Feb 10

Vision – Where To?

I remember a few years ago I was working with an Exec team who had grand plans for the transformation of their organisation into a customer experience oriented, service based organisation. While they were developing their plans they decided that it was incredibly important to keep them ‘confidential’ until they had made most of the changes so that the new transformed organisation could be ‘unveiled’.

The executive soon became very disenchanted with their teams who just wouldn’t make progress on their assigned project tasks. What a surprise! The people had no idea why they were being asked to do this additional work, or how it was going to be ‘good’ for them in the end.

If you were being asked to participate in (endure) change what would you need in order to contribute and be engaged?

If you don’t know what it’s going to be like at the end of the change, if you don’t know what the picture is, if you don’t know how it will feel, if you don’t know what you’ll be doing, then how likely is it that you will want to be part of it? You really have no idea of the impact on you, or what’s in it for you.

For many people it’s a case of ‘better the devil you know than the devil you don’t’. At least with the current situation you know what to expect…even if it’s not great. Asking people to take a leap of faith into the unknown is asking a lot.

So what do you need to be engaged? Something to inspire you? To motivate you? To make you want to participate?

Having a clear vision is one way to inspire, motivate and encourage participation in an organisational change.

Vision is really key to helping people to even begin to become involved. But more than just the picture at the end, a vision needs to provide the steps of how do we get from where we are now to that picture at end? A pathway if you like, and without that pathway then people may not see how to be part of the change.

Not having a vision is a bit like starting a building without a set of drawings, or a plan on how to build it. Who knows what you’re actually going to get at the end? If it will even meet the needs that were originally identified? Having a clear vision, being able to articulate that vision really succinctly, and frequently is a key to leading effective change.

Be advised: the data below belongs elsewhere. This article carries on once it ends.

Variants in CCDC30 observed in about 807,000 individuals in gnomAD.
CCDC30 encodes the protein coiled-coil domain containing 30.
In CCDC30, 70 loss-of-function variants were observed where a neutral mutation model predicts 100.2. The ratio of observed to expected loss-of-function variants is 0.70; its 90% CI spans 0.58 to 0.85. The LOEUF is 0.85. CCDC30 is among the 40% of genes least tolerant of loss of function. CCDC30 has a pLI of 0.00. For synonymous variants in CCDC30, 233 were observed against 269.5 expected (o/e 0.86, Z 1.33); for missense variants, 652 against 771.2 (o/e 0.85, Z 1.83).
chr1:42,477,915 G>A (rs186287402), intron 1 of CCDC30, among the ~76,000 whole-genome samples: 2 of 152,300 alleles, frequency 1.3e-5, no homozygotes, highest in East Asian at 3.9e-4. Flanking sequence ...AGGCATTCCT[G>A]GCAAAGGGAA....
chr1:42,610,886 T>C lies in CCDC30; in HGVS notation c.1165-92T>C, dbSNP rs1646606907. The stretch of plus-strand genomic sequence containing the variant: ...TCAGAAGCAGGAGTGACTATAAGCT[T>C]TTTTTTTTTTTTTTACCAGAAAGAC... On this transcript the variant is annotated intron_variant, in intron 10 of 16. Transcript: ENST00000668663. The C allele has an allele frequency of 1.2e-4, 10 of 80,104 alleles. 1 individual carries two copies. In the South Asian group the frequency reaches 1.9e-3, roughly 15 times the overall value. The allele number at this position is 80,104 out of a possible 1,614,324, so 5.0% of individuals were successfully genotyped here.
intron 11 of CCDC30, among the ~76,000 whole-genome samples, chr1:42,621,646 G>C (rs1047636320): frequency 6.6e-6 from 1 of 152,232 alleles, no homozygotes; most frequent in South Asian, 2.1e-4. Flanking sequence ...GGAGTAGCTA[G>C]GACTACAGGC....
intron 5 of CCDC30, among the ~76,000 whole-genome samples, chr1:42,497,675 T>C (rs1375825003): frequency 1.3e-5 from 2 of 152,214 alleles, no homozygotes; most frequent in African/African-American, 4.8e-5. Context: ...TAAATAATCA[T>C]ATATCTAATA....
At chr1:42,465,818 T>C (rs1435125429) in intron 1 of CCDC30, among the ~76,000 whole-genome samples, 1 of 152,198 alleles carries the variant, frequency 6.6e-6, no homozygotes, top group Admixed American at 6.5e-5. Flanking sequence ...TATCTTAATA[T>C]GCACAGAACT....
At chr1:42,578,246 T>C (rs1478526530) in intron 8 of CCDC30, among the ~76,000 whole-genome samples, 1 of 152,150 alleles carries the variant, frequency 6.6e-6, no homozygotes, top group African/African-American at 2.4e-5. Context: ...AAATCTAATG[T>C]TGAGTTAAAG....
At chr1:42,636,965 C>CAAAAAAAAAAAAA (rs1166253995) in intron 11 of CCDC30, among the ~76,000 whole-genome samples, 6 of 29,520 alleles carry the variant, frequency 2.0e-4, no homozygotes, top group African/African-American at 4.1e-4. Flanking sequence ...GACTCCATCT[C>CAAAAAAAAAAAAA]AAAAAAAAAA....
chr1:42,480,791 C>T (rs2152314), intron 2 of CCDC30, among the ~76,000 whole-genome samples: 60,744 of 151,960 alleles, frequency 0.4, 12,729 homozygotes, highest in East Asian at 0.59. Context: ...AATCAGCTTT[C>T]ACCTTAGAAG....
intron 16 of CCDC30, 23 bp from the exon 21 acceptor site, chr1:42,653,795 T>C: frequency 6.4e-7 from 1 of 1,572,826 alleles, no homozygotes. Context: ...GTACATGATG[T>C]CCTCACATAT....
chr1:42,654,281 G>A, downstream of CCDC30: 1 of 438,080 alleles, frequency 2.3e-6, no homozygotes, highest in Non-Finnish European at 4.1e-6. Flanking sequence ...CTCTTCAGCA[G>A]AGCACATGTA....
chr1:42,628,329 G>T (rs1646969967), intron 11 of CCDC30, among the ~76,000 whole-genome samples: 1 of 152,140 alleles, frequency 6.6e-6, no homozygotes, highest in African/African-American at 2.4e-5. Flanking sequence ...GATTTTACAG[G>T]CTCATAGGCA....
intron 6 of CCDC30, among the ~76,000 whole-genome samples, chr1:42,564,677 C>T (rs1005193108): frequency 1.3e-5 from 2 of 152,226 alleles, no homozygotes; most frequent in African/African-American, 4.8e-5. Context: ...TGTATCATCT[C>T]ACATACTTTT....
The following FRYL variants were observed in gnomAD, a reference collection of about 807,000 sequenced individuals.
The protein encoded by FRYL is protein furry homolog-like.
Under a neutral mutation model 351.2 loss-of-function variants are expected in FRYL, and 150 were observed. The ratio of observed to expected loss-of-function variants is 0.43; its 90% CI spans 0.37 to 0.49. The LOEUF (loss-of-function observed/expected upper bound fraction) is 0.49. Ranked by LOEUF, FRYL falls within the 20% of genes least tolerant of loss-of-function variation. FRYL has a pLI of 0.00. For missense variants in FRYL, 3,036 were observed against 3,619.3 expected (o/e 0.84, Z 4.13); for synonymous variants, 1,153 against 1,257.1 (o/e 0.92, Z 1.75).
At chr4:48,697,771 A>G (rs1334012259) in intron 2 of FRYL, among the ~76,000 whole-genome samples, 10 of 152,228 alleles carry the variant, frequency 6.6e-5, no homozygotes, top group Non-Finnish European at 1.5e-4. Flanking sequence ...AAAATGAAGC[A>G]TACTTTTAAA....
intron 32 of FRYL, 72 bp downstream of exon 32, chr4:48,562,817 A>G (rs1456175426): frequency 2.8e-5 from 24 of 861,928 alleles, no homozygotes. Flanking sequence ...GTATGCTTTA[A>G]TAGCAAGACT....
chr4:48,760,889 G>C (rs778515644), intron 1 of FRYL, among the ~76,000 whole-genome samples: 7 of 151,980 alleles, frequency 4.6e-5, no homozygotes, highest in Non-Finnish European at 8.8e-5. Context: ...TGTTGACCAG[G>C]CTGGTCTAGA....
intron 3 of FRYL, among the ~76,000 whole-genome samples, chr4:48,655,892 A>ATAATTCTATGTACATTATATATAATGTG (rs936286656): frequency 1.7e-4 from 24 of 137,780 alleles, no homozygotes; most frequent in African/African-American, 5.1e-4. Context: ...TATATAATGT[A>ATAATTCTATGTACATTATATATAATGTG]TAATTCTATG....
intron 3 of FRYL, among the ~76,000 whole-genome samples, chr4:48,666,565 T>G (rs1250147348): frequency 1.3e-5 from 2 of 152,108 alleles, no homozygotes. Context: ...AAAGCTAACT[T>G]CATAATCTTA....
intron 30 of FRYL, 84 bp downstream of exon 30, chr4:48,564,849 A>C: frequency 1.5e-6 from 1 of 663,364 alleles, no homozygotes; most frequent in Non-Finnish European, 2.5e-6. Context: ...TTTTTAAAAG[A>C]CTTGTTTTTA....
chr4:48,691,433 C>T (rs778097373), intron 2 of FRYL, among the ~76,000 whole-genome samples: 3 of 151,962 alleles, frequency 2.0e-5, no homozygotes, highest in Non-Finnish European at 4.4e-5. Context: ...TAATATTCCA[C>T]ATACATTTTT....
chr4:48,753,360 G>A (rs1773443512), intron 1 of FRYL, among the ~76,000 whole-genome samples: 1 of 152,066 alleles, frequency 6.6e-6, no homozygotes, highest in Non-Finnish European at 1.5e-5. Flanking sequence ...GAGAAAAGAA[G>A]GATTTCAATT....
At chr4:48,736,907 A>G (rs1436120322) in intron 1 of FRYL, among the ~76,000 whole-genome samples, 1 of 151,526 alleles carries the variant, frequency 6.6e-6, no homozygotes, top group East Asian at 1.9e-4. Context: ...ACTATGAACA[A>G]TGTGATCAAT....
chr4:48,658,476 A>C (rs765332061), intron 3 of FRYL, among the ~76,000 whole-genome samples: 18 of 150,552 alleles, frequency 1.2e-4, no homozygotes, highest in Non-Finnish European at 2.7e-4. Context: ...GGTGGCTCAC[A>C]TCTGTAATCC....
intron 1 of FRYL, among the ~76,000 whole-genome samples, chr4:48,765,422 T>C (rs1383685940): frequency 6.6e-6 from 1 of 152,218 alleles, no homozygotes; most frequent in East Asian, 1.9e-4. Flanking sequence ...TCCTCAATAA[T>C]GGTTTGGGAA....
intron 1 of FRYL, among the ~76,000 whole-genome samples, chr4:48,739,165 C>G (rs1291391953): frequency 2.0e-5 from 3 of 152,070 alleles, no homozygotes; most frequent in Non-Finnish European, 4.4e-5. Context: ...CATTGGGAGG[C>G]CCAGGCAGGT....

How do you develop a vision? As a leader of the change a lot of this vision crafting is going to fall to you, and certainly you need to be leading the expression of the vision. To be talking to, and having conversations with the people around you, to get them engaged in the vision and the change.

I think there are four key questions that you need to answer. The four P’s of vision.

4 P's Vision Model

  1. The first P is about Purpose. What is the purpose of the change? I covered this in last week’s blog. This is the ‘Why’.
  2. The second question that you need to be able to answer is what is the Picture at the end of the change?
  3. The third P is the Pathway. What is the plan to get there?
  4. Finally, and this is a really important part of crafting a vision, because this is what makes it relevant to people, meaningful to people: what’s my Part in this change?
    Of course throughout the change the vision needs to be communicated on a really regular basis, so that’s why keeping the messages simple is so important. Something that you can articulate in a few sentences, or a few minutes, so that people can ‘get it’.

As a leader of the change, this vision is the anchor that you can use to maintain your focus throughout leading the change. Getting that vision message clear not only helps your people, but it really helps you to stay on focus.

Love to know your thoughts.

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About The Author

Stacey Ashley works with Leaders building high performing teams, Leaders who coach and Professional coaches to develop their coaching skills, and create the confidence and courage to make a difference in their own way. She is a champion of workplace coaching culture and a regular speaker on happiness at work, complete leadership and mBraining. e | info@ashleyconsulting.com.au p | 02 8006 1733

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